GILEAD SCIENCES, INC. v. USA, No. 1:2020cv00499 - Document 22 (Fed. Cl. 2020)

Court Description: REPORTED OPINION denying 11 Motion to Dismiss - Rule 12(b)(1) and (6). Answer due by 1/27/2021. Signed by Senior Judge Charles F. Lettow. (jjk)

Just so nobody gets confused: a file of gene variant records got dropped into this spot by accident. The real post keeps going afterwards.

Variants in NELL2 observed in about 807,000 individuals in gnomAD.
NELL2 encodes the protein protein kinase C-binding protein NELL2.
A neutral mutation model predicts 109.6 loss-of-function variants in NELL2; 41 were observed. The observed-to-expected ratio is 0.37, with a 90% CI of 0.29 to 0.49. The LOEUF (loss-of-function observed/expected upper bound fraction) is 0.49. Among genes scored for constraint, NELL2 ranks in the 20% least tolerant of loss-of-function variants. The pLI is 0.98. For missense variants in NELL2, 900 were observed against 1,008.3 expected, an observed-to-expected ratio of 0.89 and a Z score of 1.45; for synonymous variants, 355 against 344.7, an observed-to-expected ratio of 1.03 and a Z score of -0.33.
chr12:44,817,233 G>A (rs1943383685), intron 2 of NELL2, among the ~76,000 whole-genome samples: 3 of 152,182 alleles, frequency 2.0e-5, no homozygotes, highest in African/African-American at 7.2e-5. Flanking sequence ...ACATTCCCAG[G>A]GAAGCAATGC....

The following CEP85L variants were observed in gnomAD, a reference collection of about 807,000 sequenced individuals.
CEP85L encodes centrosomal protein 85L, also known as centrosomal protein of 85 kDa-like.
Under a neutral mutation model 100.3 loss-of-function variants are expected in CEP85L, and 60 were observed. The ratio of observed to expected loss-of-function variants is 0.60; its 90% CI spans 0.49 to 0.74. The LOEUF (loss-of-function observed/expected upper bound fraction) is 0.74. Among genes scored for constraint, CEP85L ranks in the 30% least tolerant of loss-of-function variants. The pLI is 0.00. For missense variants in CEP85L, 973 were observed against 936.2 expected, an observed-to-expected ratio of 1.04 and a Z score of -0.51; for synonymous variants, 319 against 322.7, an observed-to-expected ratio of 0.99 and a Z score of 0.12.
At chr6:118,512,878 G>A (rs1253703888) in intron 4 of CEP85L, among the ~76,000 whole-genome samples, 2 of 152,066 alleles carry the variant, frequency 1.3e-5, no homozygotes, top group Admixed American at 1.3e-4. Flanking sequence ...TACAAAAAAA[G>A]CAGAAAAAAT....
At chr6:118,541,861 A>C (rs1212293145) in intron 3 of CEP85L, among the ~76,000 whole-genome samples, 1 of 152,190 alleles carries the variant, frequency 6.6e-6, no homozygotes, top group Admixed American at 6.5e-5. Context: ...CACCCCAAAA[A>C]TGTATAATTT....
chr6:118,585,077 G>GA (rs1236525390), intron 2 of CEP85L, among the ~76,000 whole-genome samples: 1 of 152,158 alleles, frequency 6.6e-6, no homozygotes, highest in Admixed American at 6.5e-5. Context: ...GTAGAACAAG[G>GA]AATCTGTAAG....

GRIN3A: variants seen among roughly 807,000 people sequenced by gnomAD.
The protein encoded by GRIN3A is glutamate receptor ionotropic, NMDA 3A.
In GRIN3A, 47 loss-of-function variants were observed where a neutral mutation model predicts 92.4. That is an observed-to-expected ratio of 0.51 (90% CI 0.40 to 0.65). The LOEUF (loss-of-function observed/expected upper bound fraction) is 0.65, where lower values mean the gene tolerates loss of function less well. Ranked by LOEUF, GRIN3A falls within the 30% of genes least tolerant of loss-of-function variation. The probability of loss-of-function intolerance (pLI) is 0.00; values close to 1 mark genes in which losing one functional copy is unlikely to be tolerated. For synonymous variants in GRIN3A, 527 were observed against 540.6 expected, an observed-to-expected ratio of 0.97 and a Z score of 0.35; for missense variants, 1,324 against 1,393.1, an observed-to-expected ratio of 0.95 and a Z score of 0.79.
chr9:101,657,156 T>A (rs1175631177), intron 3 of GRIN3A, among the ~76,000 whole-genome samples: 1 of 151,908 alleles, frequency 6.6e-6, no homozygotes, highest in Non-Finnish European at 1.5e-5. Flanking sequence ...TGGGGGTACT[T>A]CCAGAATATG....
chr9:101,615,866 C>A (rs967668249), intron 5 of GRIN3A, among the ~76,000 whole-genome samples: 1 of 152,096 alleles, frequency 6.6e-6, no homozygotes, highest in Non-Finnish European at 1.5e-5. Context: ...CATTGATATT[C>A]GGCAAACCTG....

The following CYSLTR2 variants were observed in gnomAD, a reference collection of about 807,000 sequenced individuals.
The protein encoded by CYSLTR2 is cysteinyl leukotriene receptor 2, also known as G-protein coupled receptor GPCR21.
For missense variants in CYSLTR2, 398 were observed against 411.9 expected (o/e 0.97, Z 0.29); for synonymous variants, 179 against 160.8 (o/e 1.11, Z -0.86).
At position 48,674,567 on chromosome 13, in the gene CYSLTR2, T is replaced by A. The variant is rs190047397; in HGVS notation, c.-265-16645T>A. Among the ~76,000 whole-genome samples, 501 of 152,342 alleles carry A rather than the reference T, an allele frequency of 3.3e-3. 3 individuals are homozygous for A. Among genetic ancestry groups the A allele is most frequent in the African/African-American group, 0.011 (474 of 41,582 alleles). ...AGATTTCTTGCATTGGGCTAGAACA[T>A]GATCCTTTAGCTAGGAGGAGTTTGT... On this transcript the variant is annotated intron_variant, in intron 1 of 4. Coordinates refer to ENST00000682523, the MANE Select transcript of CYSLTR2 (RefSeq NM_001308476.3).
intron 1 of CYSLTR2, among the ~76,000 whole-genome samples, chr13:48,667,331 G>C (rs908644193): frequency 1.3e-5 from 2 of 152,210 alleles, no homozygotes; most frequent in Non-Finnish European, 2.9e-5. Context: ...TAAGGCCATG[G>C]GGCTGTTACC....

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GILEAD SCIENCES, INC. v. USA Doc. 22 In the United States Court of Federal Claims No. 20-499C (Filed: December 30, 2020) ___________________________________ GILEAD SCIENCES, INC. Plaintiff, v. UNITED STATES, Defendant. ___________________________________ ) ) ) ) ) ) ) ) ) ) ) Suit based on alleged breach of contracts; motion to dismiss in which government points to defenses asserted by plaintiff in earlier action filed by government against plaintiff; 28 U.S.C. § 1500; pleading a claim Ronald C. Machen, Jr., Wilmer Cutler Pickering Hale and Dorr LLP, Washington, D.C. for plaintiff Gilead Sciences, Inc. With him on briefs were David B. Bassett, Wilmer Cutler Pickering Hale and Dorr LLP, New York, NY, Vinita Ferrera, Emily R. Whelan, George P. Varghese, Timothy A. Cook, Stephanie Lin, Wilmer Cutler Pickering Hale and Dorr LLP, Boston, MA. Walter W. Brown, Senior Litigation Counsel, Commercial Litigation Branch, Civil Division, United States Department of Justice, Washington, D.C. for the United States. With him on briefs were Jeffrey Bossert Clark, Acting Assistant Attorney General, Civil Division, Gary L. Hausken, Director, Philip Charles Sternhell, Assistant Director, Amanda K. Kelly, Trial Attorney, Patrick C. Holvey, Trial Attorney, Commercial Litigation Branch, Civil Division, United States Department of Justice, Washington, D.C. OPINION AND ORDER LETTOW, Senior Judge. This case arises out of five contracts between plaintiff, Gilead Sciences, Inc. (“Gilead”), and the Centers for Disease Control and Prevention (“CDC”), acting on behalf of the federal government. 1 These contracts consist of four Material Transfer Agreements (“MTAs”) and one Clinical Trial Agreement (“CTA”). Gilead and the CDC entered into these agreements as part of an ongoing collaboration on research “relating to the use of antiretroviral agents for prevention of HIV-1.” Compl. ¶ 4. Gilead alleges that “the [g]overnment is asserting patents that it secretly obtained in violation of the collaboration agreements,” Compl. ¶ 2, and that “[t]he [g]overnment 1 References to the “United States,” the “government,” and the “CDC” all refer to defendant and its collective entities. breached its obligations under both the MTAs and the CTA,” Compl. ¶ 10. The context in which this case arises includes a suit filed by the government against Gilead for infringement of the relevant patents. See United States v. Gilead Sciences, Inc., No 19-2103MN (D. Del., filed Nov. 6, 2019). That action was instituted approximately five months before Gilead filed this suit. 2 Pending before the court is the government’s motion to dismiss the complaint pursuant to Rules 12(b)(1) and 12(b)(6) of the Rules of the Court of Federal Claims (“RCFC”). See Def.’s Mot. to Dismiss (“Def.’s Mot.”), ECF No. 11. After briefing, see Pl.’s Resp. to Def.’s Mot. (“Pl.’s Resp.”), ECF No. 12; Def.’s Reply to Pl.’s Resp. (“Def.’s Reply”), ECF No. 15; Pl.’s SurReply to Def.’s Reply (“Pl.’s Sur-Reply”), ECF No. 18, the court held a hearing on Monday, December 14, 2020. The government’s motion to dismiss this action is based on lack of subjectmatter jurisdiction and failure to state a claim. See Def.’s Mot. at 2. The court concludes that Gilead’s claims for breach of contract are timely under 28 U.S.C. § 2501, as they accrued within six years of Gilead’s filing suit in this court. Furthermore, Gilead’s claims are not barred by 28 U.S.C. § 1500 because Gilead has only asserted defenses in the Delaware action, and relatedly the statute speaks in terms of a “claim,” not a defense. Lastly, Gilead has pled viable breach of contract claims to avoid dismissal under RCFC 12(b)(6). Accordingly, the government’s motion is DENIED. BACKGROUND 3 Gilead “has brought to market more than a dozen products that have been approved by the FDA for the treatment and prevention of HIV.” Compl. ¶ 28. The company “has a long history of working with the scientific community,” including the CDC, “to promote basic scientific and clinical research on HIV, HIV treatment, and HIV prevention.” Compl. ¶ 39. The collaborations between Gilead and the CDC have taken the form of “many material transfer and related agreements over the past three decades.” Compl. ¶ 42. The MTAs at issue in this case span from 2004 to 2014. Compl. ¶ 44. In each of these MTAs, “Gilead agreed to provide” certain compounds to the CDC “at no cost, to be used in HIV-1 research.” Compl. ¶ 45. “[U]nder each of the four MTAs,” Compl. ¶ 45, the government agreed to, inter alia, “promptly notify” Gilead of “any Inventions” derived from work performed under the agreements. E.g., Compl. Ex. 4 at 3. Each MTA defined “Inventions” as “any inventions, discoveries, and ideas that are made, conceived or reduced to practice.” E.g., Compl. Ex. 4 at 3. The government also agreed “to give serious and reasonable consideration to [Gilead’s] request for a non-exclusive or exclusive license on commercially reasonable terms under [the government’s] intellectual property rights in or to any Inventions.” E.g., Compl. Ex. 4 at 3. The MTAs at issue were amended as the collaborations progressed. See, e.g., Compl. Ex. 8. 2 3 This case was filed on April 24, 2020. The recitations that follow do not constitute findings of fact, but rather are recitals attendant to the pending motions and reflect matters drawn from the complaint, the parties’ briefs, and records and documents appended to the complaint and briefs. 2 Also at issue in this case is a CTA, which the CDC and Gilead entered into on November 1, 2004. See Compl. Ex. 13 at 1. That agreement was amended three times beginning in October 2006. Compl. ¶¶ 54-56. Pursuant to this agreement, Gilead was to provide antiretroviral products to the CDC for a clinical trial in Botswana. See Compl. Ex. 13 at 2-3. The CDC agreed in turn “not to seek patent protection in connection with any inventions that derive from the use of the Study Drug in the Trial.” Compl. Ex. 13 at 2. As outlined in the amended CTA, Gilead provided the CDC with the pre-exposure prophylaxis drug Truvada and matching placebos. See Compl. ¶ 57. On February 3, 2006, the CDC filed Provisional Patent Application No. 60/764,811 (“the ’811 Provisional”) with the U.S. Patent and Trademark Office (“PTO”). See Compl. Ex. 18. The ’811 Provisional “related to purported inventions that [the] CDC made in the course of the research conducted under the MTAs[] and using the compounds that Gilead provided under the MTAs.” Compl. ¶ 11. On January 31, 2007, the government filed non-provisional Patent Application No. 11/669,547 (“the ’547 Application”). See Compl. Ex. 19. Gilead alleges that the “CDC relied on information derived from the Botswana clinical trial to make decisions concerning the prosecution of the ’547 Application.” Compl. ¶ 11. On February 1, 2008, the CDC sent Gilead a draft of an article which outlined the study described by the ’649 MTA. Compl. ¶ 76. This article disclosed that five of the authors were “named in a US [g]overnment patent application related to methods for HIV prophylaxis.” Compl. Ex. 20 at 1. In January 2011, “the CDC provided interim guidelines that explicitly directed physicians to prescribe the use of” Gilead’s Truvada, the drug used in the Botswana clinical trial, for preexposure prophylaxis. Compl. ¶ 81. A year later, in 2012, “with the encouragement and support of the [g]overnment,” Gilead sought and obtained approval from the FDA to market Truvada for HIV-1 pre-exposure prophylaxis. Compl. ¶ 82. Thereafter Gilead alleges that it was not until October 2014 that CDC provided “notice to Gilead of the purported invention(s) described in the ’811 Provisional and/or the ’547 Application.” Compl. ¶ 75; see Compl. Ex. 23. Subsequently, on June 2, 2015, the Patent and Trademark Office issued the first of the relevant patents, U.S. Patent No. 9,044,509 (“the ’509 Patent”), from the non-provisional ’547 Application. See Compl. ¶ 12. The government also filed U.S. Patent Application No. 15/913,750 on March 6, 2018 (“the ’750 Application”). Compl. ¶ 106. Three other patents “that claim priority to the same provisional and non-provisional applications have . . . issued” since the issuance of the ’509 Patent. Compl. ¶ 12. 4 Gilead alleges that “[a]t no time during any of the communications in the course of executing the parties’ obligations under the MTAs or . . . amendments was there any mention by [the] CDC of any purported invention . . . or any plan to seek patent protection as a result of the research performed . . . .” Compl. ¶ 48. Gilead further alleges that the CDC’s failure to mention any “purported invention” or “any plan to seek patent protection” contravened the express terms of the CTA. Compl. ¶ 60. In 2016, after the first patent had issued, the CDC notified Gilead that it believed Truvada “may be covered by” patents “recently obtained” by the CDC. Compl. Ex. 26. The CDC suggested that Gilead apply for a non-exclusive license of the invention covered 4 Those patents are Nos. 9,579,333 (issued Feb. 28, 2017); 9,937,191 (issued Apr. 10, 2018); and 10,335,423 (issued July 2, 2019). 3 by its patents. Compl. Ex. 26. Gilead responded that the government had breached the MTAs and that it did not believe the patents to be valid. Compl. ¶ 102. On November 6, 2019, the government filed suit against Gilead in the United States District Court for the District of Delaware. Compl. ¶ 107. The government alleges in the Delaware lawsuit that Gilead infringed its patents by selling and promoting the products Truvada and a related drug, Descovy. Compl. ¶ 107. Gilead has asserted several defenses in the Delaware lawsuit, including “the equitable doctrine of unclean hands due to, among other things, the [g]overnment’s breaches of the MTAs and the CTA.” Compl. ¶ 27. STANDARDS FOR DECISION A. Rule 12(b)(1) – Lack of Subject-Matter Jurisdiction The Tucker Act provides this court with jurisdiction over “any claim against the United States founded either upon the Constitution, or any Act of Congress or any regulation of an executive department, or upon any express or implied contract with the United States, or for liquidated or unliquidated damages in cases not sounding in tort.” 28 U.S.C. § 1491(a)(1). To establish this court’s jurisdiction under the Tucker Act, Gilead must “identify a substantive right for money damages against the United States separate from the Tucker Act.” Todd v. United States, 386 F.3d 1091, 1094 (Fed. Cir. 2004) (citations omitted). Gilead, as plaintiff, must establish jurisdiction by a preponderance of the evidence. See Trusted Integration, Inc. v. United States, 659 F.3d 1159, 1163 (Fed. Cir. 2011) (citing Reynolds v. Army & Air Force Exch. Serv., 846 F.2d 746, 748 (Fed. Cir. 1988)). When ruling on the government's motion to dismiss for lack of jurisdiction, the court must “accept as true all undisputed facts asserted in the plaintiff's complaint and draw all reasonable inferences in favor of the plaintiff.” Id. (citing Henke v. United States, 60 F.3d 795, 797 (Fed. Cir. 1995)). Moreover, “[e]very claim of which the United States Court of Federal Claims has jurisdiction shall be barred unless the petition thereon is filed within six years after such claim first accrues.” 28 U.S.C. § 2501. This six-year statute of limitations “is a jurisdictional requirement attached by Congress as a condition of the government’s waiver of sovereign immunity and, as such, must be strictly construed.” Dalles Irrigation Dist. v. United States, 71 Fed. Cl. 344, 350 (2006) (quoting Hopland Band of Pomo Indians v. United States, 855 F.2d 1573, 1576-77 (Fed. Cir. 1988)). Additionally, this court lacks jurisdiction over “any claim for or in respect to which the plaintiff . . . has pending in any other court . . . .” 28 U.S.C. § 1500. This statute imposes a “significant jurisdictional limitation” on this court. United States v. Tohono O’Odham Nation, 563 U.S. 307, 314 (2011). Section 1500 applies when two suits “are based on substantially the same operative facts, regardless of the relief sought in each suit.” Id. at 317. “Thus, similarities or the same general subject matter do not suffice to trigger Section 1500. Rather, the specific facts at issue in the cases are determinative.” Oklahoma v. United States, 144 Fed. Cl. 263, 272 (2019) (citing Tohono, 563 U.S. at 317) (additional citations omitted). B. Rule 12(b)(6) – Failure to State a Claim Upon Which Relief Can Be Granted 4 Under RCFC 12(b)(6), a complaint will survive a motion to dismiss if it “contain[s] sufficient factual matter, accepted as true, to ‘state a claim to relief that is plausible on its face.’” Ashcroft v. Iqbal, 556 U.S. 662, 678 (2009) (quoting Bell Atl. Corp. v. Twombly, 550 U.S. 544, 570 (2007)). “A claim has facial plausibility when the plaintiff pleads factual content that allows the court to draw the reasonable inference that the defendant is liable for the misconduct alleged.” Id. The factual matters alleged “must be enough to raise a right to relief above the speculative level on the assumption that all the allegations in the complaint are true (even if doubtful in fact).” Twombly, 550 U.S. at 555-56 (citations omitted). When reviewing the complaint, “the court must accept as true the complaint’s undisputed factual allegations and should construe them in a light most favorable to the plaintiff.” Cambridge v. United States, 558 F.3d 1331, 1335 (Fed. Cir. 2009) (citing Papasan v. Allain, 478 U.S. 265, 283 (1986)) (additional citation omitted). Conclusory statements of law and fact, however, “are not entitled to the assumption of truth” and “must be supported by factual allegations.” Iqbal, 556 U.S. at 679. “‘[N]aked assertion[s]’ devoid of ‘further factual enhancement’” are insufficient to state a claim. Id. at 678 (quoting Twombly, 550 U.S. at 557); accord Bradley v. Chiron Corp., 136 F.3d 1317, 1322 (Fed. Cir. 1998) (“Conclusory allegations of law and unwarranted inferences of fact do not suffice to support a claim.”). ANALYSIS A. Gilead’s Claims Fall Within the Six-Year Statute of Limitations Set by 28 U.S.C. § 2501 In its motion to dismiss, the government contends that Gilead’s claims fall outside the six-year statute of limitations set by 28 U.S.C. § 2501. Def.’s Mot. at 8-13. It argues that Gilead’s claims accrued on February 3, 2006, when the CDC filed the provisional patent application. See id. at 10-11. Gilead counters that its claims could not have accrued until the PTO issued the patents to the CDC. See Pl.’s Resp. at 9. A claim accrues under 28 U.S.C. § 2501 “when all events have occurred to fix the [g]overnment’s alleged liability, entitling the claimant to demand payment and sue here for his money.” Nager Elec. Co. v. United States, 177 Ct. Cl. 234, 240 (1966) (footnote omitted). A viable breach of contract claim requires “four elements: 1) a valid contract between the parties; 2) an obligation or duty arising from that contract; 3) a breach of that duty; and 4) damages caused by that breach.” Claude Mayo Constr. Co., v. United States, 132 Fed. Cl. 634, 637 (2017) (citing San Carlos Irrigation & Drainage Dist. v. United States, 877 F.2d 957, 959 (Fed. Cir. 1989)). While the government filed its provisional patent application in 2006, see Compl. Ex. 18, and mentioned its pursuit of a patent in a draft article sent to Gilead in 2008, see Compl. Ex. 20, the timeliness of Gilead’s claims turns on the incurrence of damages. “Because damages are a necessary element of a claim for breach of contract,” Gilead’s claims did not accrue until it “suffered such damages.” Lake Borgne Basin Levee Dist. v. United States, 127 Fed. Cl. 321, 335 (2016) (citing Terteling v. United States, 167 Ct. Cl. 331, 338 (1964)). Gilead alleges that “the [g]overnment’s actions increased the cost of a potential license and exposed Gilead to the risk of patent-infringement damages.” Compl. ¶ 110. These damages 5 could not have been incurred until June 2, 2015, when the PTO issued the ’509 Patent to the CDC’s employees. Only then did the government gain the right to enforce its patent against Gilead. See Marsh v. Nichols, Shepherd & Co., 128 U.S. 605, 612 (1888) (“Until the patent is issued, there is no property right in it; that is, no such right as the inventor can enforce.”). Gilead’s cause of action accrued either on June 2, 2015, the date of first patent issuance, or on March 11, 2016, the date when the CDC first asserted its patent rights by notifying Gilead that Truvada “may be covered by” the CDC’s patents. See Compl. Ex. 26. Therefore, Gilead’s claims fall within the six-year statute of limitations. B. 28 U.S.C. § 1500 Does Not Bar Gilead’s Claims The government also moves to dismiss Gilead’s complaint on the grounds that the patent infringement litigation in Delaware imposes a jurisdictional bar to Gilead seeking relief in this court. See Def.’s Mot. at 19-22. According to the government, 28 U.S.C. § 1500 precludes this court from exercising jurisdiction over Gilead’s claims, as they are “for or in respect to” Gilead’s defenses in the Delaware suit. See id. at 19-20. Gilead argues in turn that its affirmative defense of unclean hands in the Delaware suit does not trigger Section 1500. Pl.’s Resp. at 14-15. The Federal Circuit has interpreted Section 1500 as requiring a two-step inquiry: “(1) whether there is an earlier-filed ‘suit or process’ pending in another court, and, if so, (2) whether the claims asserted in the earlier-filed case are ‘for or in respect to’ the same claim(s) asserted in the later-filed Court of Federal Claims action.” Brandt v. United States, 710 F.3d 1369, 1374 (Fed. Cir. 2013) (citing Trusted Integration, 659 F.3d at 1163-64). While it is apparent that there is a suit pending in another court, Gilead’s breach-of-contract claims in this court are readily distinguishable from its defenses in the Delaware suit. Section 1500 speaks in terms of a “claim,” not a defense. See 28 U.S.C. § 1500. Gilead has raised the affirmative defense of “unclean hands due to, among other things, the [g]overnment’s breaches of the MTAs and the CTA,” in the Delaware suit, Compl. ¶ 27, but it has brought its claims for breach of contract in this court only, see Pl.’s Resp. at 15 (“Gilead is bringing contract claims against the government in only one forum—this Court.”). The government points out that Gilead had previously “asserted four counterclaims based on the same ‘unclean hands’ allegations” in the Delaware suit, but Gilead dropped those counterclaims before filing suit in this court. See Def.’s Mot. at 19-20. The procedural posture of the Delaware suit at the time Gilead filed its action in this court is the relevant point for determining whether Section 1500 precludes this court from exercising jurisdiction. See Central Pines Land Co. v. United States, 697 F.3d 1360, 1365 (Fed. Cir. 2012) (“[J]urisdiction of the court depends upon the state of things at the time of the action brought.”) (quoting Grupo Dataflux v. Atlas Global Grp., 541 U.S. 567, 570 (2004)). Furthermore, even if Gilead’s unclean hands defense in the Delaware litigation could be characterized as a “claim” under Section 1500, Gilead’s claims in this court are not “based on substantially the same operative facts” as those underlying its defense in the Delaware suit. Tohono, 563 U.S. at 317. The Supreme Court has clarified that analysis under Section 1500 is analogous to claim preclusion. Id. at 315-16. “The focus of the inquiry is the facts that give rise to the claims, not the legal theories behind the claims.” Beberman v. United States, 755 Fed. Appx. 973, 977 (Fed. Cir. 2018) (citing Keene Corp. v. United States, 502 U.S. 200, 201 (1998). 6 While the Delaware suit and the pending case have similar factual backgrounds, the mere presence of overlapping facts is insufficient to invoke Section 1500. See, e.g., id. at 978 (holding that there was not “enough overlap to conclude that the claims [arose] from substantially the same operative facts” because those “facts are relevant to each case for substantially different reasons”). As the Federal Circuit has noted, contemporaneous suits in a district court and the Court of Federal Claims may nevertheless be permissible when “the district court claim and the Claims Court claim [arise] out of a related sequence of facts.” Id. at 977. To be sure, Gilead’s allegations of breach of contract serve as one of the bases for its unclean hands defense in the Delaware suit. Pl.’s Resp. at 18. In asserting this equitable defense, however, Gilead also cites the government’s alleged encouragement to obtain approval from the FDA to market Truvada for HIV-1 pre-exposure prophylaxis. See id. at 18-19. Therefore, the district court could find the government’s patents unenforceable under the equitable doctrine of unclean hands “without making any findings on whether the government breached its contractual obligations to Gilead.” Pl.’s Resp. at 19. The “facts that give rise to” Gilead’s breach of contract claims, therefore, are not determinative of its unclean hands defense in the Delaware suit. Beberman, 775 Fed. Appx. at 977. Given that Gilead did not have a “claim” pending against the government in the Delaware litigation at the time it filed suit in this court, and that the operative facts underlying its claims are distinct from those underlying its defenses, Section 1500 does not pose a jurisdictional bar to Gilead’s breach of contract claims. C. Gilead’s Pleadings Are Sufficient to Survive a Motion to Dismiss Under RCFC 12(b)(6) In addition to its argument to dismiss the complaint pursuant to RCFC 12(b)(1), the government alleges that Gilead has failed to state a claim upon which relief may be granted. Def.’s Mot. at 22-26. More specifically, the government asserts that Gilead has failed to adequately plead damages and causation. Id. at 23-24. Gilead argues that it has adequately pled causation and that the damages it seeks are recoverable in this court. Pl.’s Resp. at 20-31. First, regarding Gilead’s pleading of damages, according to the government, Gilead’s allegations of “reputational harm” lack the required specificity, Def.’s Mot. at 23-24, and sound in tort, Def.’s Reply at 12-13. The government also points to Gilead’s request for attorneys’ fees as an “impermissible double recovery” for the attorneys’ fees sought in the Delaware suit. Def.’s Mot. at 13-15. The factual content in Gilead’s complaint, however, “allows the court to draw the reasonable inference that” Gilead has suffered damages. Iqbal, 556 U.S. at 570 (citation omitted). Aside from the reputational harm alleged in the complaint and the attorneys’ fees sought, Gilead argues that the government’s failure to disclose its patent applications and support of Gilead seeking FDA approval for Truvada “increased the cost of a potential license and exposed Gilead to the risk of patent-infringement damages.” Compl. ¶ 110. The mere mention of types of damages that may not be recoverable in this suit does not invalidate Gilead’s claims for breach of contract. Moreover, Gilead is not seeking attorneys’ fees pursuant to a fee-shifting statute, but “only the compensatory damages that would restore it to the position it would have been in had the government not breached the contracts . . . .” Pl.’s Resp. at 25. Attorneys’ fees, “when properly categorized as compensatory damages for a contract breached by the United States and not incurred in litigation, may be recovered.” Connecticut Yankee Atomic Power Co. v. United 7 States, 143 Fed. Cl. 172, 178 (2019) (internal quotation marks omitted). Gilead’s request for attorneys’ fees thus does not warrant dismissal. Second, the government avers that Gilead has failed to establish but-for causation as to its theories of damages. Def.’s Mot. at 24; Def.’s Reply at 17-19. In the government’s view, the links between the alleged breaches and the harm Gilead suffered are either “heavily conditional,” Def.’s Mot. at 24, or absent, Def.’s Reply at 18. Construing the facts contained in the complaint “in a light most favorable to the plaintiff,” Cambridge, 558 F.3d at 1335, however, reveals that Gilead has adequately pled causation. If the government had disclosed its plans to pursue patent protection, “Gilead would have had the opportunity to consider its options, including providing [the] CDC and/or the PTO with information showing why any such patent would be invalid.” Compl. ¶ 110. The licensing dispute could “have been solved well before Gilead . . . sought an indication for [pre-exposure prophylaxis] and amplified the [g]overnment’s potential royalty claims . . . .” Hr’g Tr. 36:18-20 (Dec. 14, 2020). Moreover, the government could reasonably have anticipated that Gilead would incur licensing liability and that litigation would ensue after it allegedly encouraged Gilead to apply for FDA approval to market Truvada for HIV-1 preexposure prophylaxis. The harm Gilead suffered as a result of the government’s alleged failure to notify Gilead of its patent applications was thus foreseeable as well as direct. Third, the government argues that the timing of the patent applications and the formation of the CTA indicate that it could not have breached the CTA. Def.’s Mot. at 25-26. The government contends that it had filed the original patent application based on “preclinical work of CDC researchers reflected in the ’811 Provisional,” Def.’s Reply at 7-8 & n. 5, not necessarily on the CTA and the ensuing Botswana study, using Gilead material, id. at 8. This argument ignores the role of the ’547 Application filed in January 2007, respecting which Gilead alleges that the “CDC relied on information derived from the Botswana clinical trial to make decisions concerning the prosecution of the ’547 Application,” Compl. ¶ 11. 5 It also sidesteps the fact that the government filed the ’750 application in 2018. Compl. ¶ 106. Gilead’s claim for breach of the CTA is thus adequately pled as well. CONCLUSION For the reasons set forth above, the United States’ motion to dismiss is DENIED. The United States shall file an answer to the complaint regarding the claims for breach of contract on or before January 27, 2021. It is so ORDERED. s/ Charles F. Lettow Charles F. Lettow Senior Judge 5 The first patent, No. 9,044,509, entitled “Inhibition of HIV Infection Through Chemoprophylaxis,” was issued upon the ’547 Application on June 2, 2015. See U.S. Patent No. 9,044,509. 8